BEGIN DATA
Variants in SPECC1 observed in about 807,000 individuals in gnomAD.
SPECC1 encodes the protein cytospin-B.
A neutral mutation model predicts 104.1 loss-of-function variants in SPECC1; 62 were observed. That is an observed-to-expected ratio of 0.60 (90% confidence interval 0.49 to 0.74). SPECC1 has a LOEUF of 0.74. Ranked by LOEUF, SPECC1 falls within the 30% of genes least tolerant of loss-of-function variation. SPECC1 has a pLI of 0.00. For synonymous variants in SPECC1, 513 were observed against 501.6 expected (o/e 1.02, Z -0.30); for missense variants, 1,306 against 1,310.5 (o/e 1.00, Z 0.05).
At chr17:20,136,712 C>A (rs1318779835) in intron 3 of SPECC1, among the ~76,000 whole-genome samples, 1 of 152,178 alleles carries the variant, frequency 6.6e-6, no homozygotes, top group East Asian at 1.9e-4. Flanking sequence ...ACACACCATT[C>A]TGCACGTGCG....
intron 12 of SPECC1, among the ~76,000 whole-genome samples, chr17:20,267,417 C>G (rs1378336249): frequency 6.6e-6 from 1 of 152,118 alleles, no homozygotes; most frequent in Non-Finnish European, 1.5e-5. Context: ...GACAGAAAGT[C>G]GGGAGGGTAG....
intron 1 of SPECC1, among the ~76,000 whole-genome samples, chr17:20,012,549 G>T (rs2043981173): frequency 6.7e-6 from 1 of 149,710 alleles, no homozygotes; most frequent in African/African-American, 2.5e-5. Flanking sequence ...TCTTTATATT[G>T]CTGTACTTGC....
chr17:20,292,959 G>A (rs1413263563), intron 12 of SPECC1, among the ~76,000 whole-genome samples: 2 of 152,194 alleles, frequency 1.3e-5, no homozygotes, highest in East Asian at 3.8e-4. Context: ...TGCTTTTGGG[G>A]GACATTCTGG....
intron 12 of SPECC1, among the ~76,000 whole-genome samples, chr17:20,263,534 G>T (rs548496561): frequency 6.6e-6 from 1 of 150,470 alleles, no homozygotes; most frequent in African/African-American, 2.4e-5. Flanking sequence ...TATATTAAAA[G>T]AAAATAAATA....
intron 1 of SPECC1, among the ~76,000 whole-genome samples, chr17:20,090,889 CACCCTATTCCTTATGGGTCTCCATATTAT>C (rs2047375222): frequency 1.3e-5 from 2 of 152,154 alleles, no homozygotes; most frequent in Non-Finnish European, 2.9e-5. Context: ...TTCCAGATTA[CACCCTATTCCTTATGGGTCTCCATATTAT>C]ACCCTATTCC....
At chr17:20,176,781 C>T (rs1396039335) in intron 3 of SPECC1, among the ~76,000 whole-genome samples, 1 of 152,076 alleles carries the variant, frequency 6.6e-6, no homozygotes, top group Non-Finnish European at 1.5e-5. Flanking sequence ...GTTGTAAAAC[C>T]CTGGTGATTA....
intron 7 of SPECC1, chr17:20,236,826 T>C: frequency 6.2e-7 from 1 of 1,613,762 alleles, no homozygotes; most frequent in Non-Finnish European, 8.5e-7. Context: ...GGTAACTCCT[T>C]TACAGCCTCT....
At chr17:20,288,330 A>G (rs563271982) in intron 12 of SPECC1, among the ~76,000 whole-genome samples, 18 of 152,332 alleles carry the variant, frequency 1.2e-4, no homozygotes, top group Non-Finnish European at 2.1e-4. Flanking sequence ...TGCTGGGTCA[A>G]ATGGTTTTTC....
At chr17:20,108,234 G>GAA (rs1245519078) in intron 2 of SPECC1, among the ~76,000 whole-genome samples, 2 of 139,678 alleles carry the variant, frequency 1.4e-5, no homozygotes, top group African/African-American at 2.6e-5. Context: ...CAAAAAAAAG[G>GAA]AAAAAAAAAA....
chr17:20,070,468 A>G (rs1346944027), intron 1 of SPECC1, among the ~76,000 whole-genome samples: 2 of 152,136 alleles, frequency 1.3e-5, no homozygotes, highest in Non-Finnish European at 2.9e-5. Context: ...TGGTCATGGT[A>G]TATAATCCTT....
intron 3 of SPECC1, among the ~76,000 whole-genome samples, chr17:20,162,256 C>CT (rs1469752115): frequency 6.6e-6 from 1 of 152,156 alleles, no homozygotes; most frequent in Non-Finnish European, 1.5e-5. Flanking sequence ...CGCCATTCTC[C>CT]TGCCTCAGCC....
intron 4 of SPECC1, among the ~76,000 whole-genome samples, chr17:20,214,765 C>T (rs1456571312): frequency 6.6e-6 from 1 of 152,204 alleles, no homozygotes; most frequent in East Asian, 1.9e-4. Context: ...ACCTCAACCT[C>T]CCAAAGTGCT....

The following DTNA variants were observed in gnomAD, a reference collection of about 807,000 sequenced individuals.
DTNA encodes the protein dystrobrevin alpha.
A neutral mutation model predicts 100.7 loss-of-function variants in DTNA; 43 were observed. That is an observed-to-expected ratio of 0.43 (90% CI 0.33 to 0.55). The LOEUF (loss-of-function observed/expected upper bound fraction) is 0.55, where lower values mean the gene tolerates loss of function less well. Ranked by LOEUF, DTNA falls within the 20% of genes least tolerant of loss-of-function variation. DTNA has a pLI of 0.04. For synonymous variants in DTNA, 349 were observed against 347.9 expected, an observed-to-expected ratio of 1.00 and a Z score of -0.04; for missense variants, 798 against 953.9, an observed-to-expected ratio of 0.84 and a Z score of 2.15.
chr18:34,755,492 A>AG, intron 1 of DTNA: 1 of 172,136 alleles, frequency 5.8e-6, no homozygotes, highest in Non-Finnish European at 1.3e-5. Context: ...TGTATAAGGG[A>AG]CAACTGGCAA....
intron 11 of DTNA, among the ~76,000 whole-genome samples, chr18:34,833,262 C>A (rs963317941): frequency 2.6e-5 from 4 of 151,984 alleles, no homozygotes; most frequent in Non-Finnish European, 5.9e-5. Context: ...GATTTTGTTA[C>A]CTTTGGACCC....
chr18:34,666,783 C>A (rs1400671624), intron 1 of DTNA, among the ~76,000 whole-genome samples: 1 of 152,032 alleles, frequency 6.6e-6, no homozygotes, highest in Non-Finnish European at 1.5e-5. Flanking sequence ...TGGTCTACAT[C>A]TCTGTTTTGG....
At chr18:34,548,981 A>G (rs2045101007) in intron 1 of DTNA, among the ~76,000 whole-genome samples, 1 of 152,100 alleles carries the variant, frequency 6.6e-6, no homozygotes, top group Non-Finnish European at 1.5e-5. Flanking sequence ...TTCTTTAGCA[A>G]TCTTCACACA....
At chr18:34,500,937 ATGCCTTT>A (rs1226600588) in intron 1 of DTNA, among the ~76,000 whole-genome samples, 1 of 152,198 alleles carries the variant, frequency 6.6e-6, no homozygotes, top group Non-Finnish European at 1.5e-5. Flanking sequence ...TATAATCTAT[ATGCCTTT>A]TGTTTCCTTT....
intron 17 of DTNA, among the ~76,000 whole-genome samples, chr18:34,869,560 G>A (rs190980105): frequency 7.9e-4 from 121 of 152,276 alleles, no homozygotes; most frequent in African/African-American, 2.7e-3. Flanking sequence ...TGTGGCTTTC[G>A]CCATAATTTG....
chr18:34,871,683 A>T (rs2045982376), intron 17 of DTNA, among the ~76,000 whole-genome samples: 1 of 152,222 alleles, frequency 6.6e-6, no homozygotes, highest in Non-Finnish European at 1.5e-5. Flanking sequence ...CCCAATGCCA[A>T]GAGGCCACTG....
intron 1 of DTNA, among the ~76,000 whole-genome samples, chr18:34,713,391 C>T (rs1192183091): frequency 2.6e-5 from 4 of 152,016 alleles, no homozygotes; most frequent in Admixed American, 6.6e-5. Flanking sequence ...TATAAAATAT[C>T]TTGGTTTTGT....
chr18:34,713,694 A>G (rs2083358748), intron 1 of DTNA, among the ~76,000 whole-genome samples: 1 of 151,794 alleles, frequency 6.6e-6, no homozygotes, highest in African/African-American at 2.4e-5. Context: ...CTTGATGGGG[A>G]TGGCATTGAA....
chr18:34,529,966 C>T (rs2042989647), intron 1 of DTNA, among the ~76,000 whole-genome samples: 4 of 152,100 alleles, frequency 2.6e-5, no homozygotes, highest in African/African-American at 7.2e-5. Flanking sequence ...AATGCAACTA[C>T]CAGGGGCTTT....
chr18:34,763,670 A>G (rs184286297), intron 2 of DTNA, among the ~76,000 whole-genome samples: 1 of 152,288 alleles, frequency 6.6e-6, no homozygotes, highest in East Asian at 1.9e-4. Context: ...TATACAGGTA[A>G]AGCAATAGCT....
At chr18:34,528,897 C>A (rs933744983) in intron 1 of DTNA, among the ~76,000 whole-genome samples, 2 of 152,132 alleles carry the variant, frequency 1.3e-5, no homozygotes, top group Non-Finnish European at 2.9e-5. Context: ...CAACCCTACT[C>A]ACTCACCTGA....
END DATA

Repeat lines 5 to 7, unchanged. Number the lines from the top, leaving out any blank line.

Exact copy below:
intron 12 of SPECC1, among the ~76,000 whole-genome samples, chr17:20,267,417 C>G (rs1378336249): frequency 6.6e-6 from 1 of 152,118 alleles, no homozygotes; most frequent in Non-Finnish European, 1.5e-5. Context: ...GACAGAAAGT[C>G]GGGAGGGTAG....
intron 1 of SPECC1, among the ~76,000 whole-genome samples, chr17:20,012,549 G>T (rs2043981173): frequency 6.7e-6 from 1 of 149,710 alleles, no homozygotes; most frequent in African/African-American, 2.5e-5. Flanking sequence ...TCTTTATATT[G>T]CTGTACTTGC....
chr17:20,292,959 G>A (rs1413263563), intron 12 of SPECC1, among the ~76,000 whole-genome samples: 2 of 152,194 alleles, frequency 1.3e-5, no homozygotes, highest in East Asian at 3.8e-4. Context: ...TGCTTTTGGG[G>A]GACATTCTGG....